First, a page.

Photos courtesy of Taylor Ganis
For decades, the live animals at the Dyson College Nature Center have been a cornerstone of the school’s environmental sciences department. Now, amid pandemic budget cuts, the animalia might be on their way out.
“The Dyson College Nature Center is a focal point on Pace University’s Pleasantville campus and serves as a component of the Dyson College Institute for Sustainability and the Environment and resource for the overall university community, and the general public.”
That’s how Pace University’s own website describes the nature center built around the remnants of an 18th Century farmhouse. The center provides educational and office space for the school’s environmental studies students and faculty, as well as a home to livestock like sheep, goats, chickens, pigs, and even more eclectic creatures like birds of prey, working border collies, and the center’s newly certified honeybees. Soon, though, students and visitors will see fewer familiar fuzzy faces should they stop by.
Recently, Pace announced that due to budget cuts in the wake of the pandemic’s ongoing economic trouble, the school would be forced to rehome the school’s resident animals.
“We found out this past Thursday that the University is going to remove all of our animals and give them to other places,” says Environmental Studies senior Taylor Ganis. “I specifically chose Pace because it has a unique farm that not many other colleges have. It made Pace stand out to me, and from what I’ve been hearing from others, the farm made Pace stand out to them as well.”
Ganis, along with other students and animal keepers at the nature center, has launched a Change.org petition hoping to get the school to reconsider its position, which has already garnered over 1,600 signatures and messages of support from current and former students.
“The Nature Center and the animals there were pretty much the sole reason I chose to go to Pace,” comments alumna Natasha Perdomo. “It’s a vital part of the Pace campus! It’s not only cherished by the Environmental Department, but by the whole Pace community. Many people, myself included, volunteer there to gain experience working with animals or simply use it as a way to destress and escape college stressors. The Pace community needs the animals at the Nature Center!”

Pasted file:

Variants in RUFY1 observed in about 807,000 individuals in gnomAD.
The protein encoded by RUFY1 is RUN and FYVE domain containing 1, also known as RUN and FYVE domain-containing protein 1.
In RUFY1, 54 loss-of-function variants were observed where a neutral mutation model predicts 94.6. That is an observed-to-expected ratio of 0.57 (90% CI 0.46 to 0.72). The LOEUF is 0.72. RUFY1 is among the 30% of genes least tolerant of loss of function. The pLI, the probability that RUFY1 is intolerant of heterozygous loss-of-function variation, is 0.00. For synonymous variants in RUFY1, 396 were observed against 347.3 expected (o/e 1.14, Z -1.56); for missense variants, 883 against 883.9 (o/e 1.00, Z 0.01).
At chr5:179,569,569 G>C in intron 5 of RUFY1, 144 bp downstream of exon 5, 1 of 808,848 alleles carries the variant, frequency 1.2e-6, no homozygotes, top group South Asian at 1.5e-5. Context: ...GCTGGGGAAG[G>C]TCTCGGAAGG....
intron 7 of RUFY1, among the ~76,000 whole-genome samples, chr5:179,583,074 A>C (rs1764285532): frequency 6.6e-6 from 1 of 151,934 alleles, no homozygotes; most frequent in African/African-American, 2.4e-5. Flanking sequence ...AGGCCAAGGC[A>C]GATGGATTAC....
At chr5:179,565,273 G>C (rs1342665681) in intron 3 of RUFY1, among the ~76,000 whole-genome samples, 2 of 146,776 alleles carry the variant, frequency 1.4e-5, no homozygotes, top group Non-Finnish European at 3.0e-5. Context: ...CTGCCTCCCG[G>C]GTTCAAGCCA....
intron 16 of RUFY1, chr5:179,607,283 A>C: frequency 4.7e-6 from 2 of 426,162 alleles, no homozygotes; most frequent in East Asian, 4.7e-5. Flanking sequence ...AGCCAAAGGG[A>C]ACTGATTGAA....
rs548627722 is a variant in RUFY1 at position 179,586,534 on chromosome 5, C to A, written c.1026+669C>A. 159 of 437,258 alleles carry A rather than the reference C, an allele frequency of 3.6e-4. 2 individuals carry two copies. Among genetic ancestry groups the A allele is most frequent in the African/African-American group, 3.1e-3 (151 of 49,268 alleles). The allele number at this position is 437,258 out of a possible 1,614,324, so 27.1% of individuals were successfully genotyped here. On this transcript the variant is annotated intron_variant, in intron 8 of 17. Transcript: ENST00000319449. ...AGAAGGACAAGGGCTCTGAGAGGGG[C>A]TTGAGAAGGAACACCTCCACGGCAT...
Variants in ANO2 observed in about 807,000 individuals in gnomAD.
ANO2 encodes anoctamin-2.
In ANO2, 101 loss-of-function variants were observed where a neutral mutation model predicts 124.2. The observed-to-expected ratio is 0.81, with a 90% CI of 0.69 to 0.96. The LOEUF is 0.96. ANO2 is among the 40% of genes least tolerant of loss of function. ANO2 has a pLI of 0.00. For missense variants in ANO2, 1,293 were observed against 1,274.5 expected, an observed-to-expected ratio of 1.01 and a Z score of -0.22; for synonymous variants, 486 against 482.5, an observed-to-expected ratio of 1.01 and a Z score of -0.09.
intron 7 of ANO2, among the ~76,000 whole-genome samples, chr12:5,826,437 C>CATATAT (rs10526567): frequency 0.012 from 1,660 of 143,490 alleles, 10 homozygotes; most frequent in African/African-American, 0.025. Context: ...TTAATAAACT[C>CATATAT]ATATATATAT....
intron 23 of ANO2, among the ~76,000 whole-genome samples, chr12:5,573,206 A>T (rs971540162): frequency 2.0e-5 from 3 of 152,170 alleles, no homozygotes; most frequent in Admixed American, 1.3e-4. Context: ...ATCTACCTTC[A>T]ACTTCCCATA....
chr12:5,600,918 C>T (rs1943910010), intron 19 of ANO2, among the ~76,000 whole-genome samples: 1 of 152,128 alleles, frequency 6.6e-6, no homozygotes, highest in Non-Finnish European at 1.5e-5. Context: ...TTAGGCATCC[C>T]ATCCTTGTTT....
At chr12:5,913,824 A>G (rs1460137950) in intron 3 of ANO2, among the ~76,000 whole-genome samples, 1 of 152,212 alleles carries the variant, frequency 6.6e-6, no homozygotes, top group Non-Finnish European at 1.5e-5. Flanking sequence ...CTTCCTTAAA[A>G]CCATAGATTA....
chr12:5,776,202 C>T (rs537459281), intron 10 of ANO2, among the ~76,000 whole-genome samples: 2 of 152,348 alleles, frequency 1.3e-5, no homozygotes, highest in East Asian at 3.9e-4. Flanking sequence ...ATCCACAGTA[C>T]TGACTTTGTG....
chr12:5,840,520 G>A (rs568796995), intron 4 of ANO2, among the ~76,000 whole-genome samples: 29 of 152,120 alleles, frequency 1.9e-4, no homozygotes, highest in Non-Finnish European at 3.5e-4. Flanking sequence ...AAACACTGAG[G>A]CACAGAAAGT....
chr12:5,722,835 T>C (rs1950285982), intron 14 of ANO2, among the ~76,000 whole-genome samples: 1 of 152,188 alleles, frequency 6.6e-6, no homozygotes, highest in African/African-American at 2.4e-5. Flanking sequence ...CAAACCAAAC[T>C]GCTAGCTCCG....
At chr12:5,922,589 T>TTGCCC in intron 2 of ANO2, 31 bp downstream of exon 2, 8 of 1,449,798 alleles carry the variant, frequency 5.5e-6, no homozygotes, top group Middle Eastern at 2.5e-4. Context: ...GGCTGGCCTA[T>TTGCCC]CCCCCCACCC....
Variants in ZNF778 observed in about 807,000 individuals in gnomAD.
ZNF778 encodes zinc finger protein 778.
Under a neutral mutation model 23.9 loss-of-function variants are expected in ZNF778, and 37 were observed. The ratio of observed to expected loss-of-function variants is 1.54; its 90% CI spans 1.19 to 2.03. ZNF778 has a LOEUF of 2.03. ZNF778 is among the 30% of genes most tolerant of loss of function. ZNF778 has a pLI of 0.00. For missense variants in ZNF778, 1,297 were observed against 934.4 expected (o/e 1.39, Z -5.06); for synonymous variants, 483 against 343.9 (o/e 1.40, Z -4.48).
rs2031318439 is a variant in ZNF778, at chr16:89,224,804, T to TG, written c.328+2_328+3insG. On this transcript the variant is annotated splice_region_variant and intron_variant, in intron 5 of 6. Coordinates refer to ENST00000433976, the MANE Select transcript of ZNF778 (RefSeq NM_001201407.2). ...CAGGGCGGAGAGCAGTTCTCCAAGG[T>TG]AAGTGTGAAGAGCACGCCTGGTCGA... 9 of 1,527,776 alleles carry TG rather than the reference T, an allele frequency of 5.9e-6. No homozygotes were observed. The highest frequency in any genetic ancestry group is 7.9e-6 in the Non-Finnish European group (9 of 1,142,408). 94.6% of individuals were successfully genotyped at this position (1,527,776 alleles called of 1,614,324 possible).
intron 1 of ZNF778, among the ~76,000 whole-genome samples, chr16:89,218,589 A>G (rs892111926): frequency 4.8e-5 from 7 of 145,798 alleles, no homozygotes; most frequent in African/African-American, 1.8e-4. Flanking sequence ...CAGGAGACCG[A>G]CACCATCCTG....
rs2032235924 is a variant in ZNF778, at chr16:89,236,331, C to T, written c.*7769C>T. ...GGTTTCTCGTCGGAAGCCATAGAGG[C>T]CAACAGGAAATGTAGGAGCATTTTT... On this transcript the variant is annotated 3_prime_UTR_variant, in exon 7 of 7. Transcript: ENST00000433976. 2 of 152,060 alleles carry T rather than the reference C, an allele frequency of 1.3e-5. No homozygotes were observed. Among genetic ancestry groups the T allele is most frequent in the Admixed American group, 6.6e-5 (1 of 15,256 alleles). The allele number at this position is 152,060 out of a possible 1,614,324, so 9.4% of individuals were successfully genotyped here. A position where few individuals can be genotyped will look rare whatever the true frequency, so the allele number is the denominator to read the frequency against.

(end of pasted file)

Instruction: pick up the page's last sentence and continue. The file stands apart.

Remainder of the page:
Not solely relying on the administration to find alternative budget cuts to help maintain the nature center, Ganis has also launched a GoFundMe campaign so the Westchester community can donate to the school and aid the cause. Ganis seeks to raise $4,200 to pay for the animals’ feed for the coming year — estimating $,2000 for the farm animals, $1,200 for the birds of prey, and another $1,000 for the songbirds.
If students manage to raise more than the initial goal of $4,200, the excess will be put towards further Nature Center upkeep. Should the administration still be forced to relocate the animals, the raised funds will go toward preservation of the rest of the nature center.
Ganis says student workers are willing to volunteer their time for free, but the initial fundraising goal still wouldn’t cover the costs of center maintenance, veterinary bills, or the salaries of animal supervisors and staff. “We realized we were going to need to prove to Pace that we the students can help fund this center with the help of generous donors and sponsors,” she says.
Sadly, when reached for comment the university estimated complete costs for maintaining the Nature Center as-is in the hundreds of thousands of dollars.
“Our goal is to provide Pace University students with the experiential learning they need to succeed in their careers,” the school says in a statement to Westchester Magazine. “After a thorough analysis, the Nature Center in Westchester is being converted to a living laboratory with flora only. This better supports our academic programs, provides the strongest options for programming based on student interest and career opportunities, will save on costs, and is similar to farms at other colleges.”
Pace, however, does assure that the animals will be safely relocated to new homes in the region. “We are committed to the safety and wellbeing of our animals and they will be placed in new homes with other organizations in the region by the end of the year. This was a difficult decision and the animals will be missed.”
“I have worked with these animals for many years and I know they will be highly stressed in a new environment,” Ganis worries. “We have a very old sheep, that I don’t know will do well if moved around near the end of its life.” She adds, “Some of our animals are also rescues that have gone through so much to get to this wonderful farm at Pace.”
To donate to saving the Pace University Dyson College Nature Center, click here.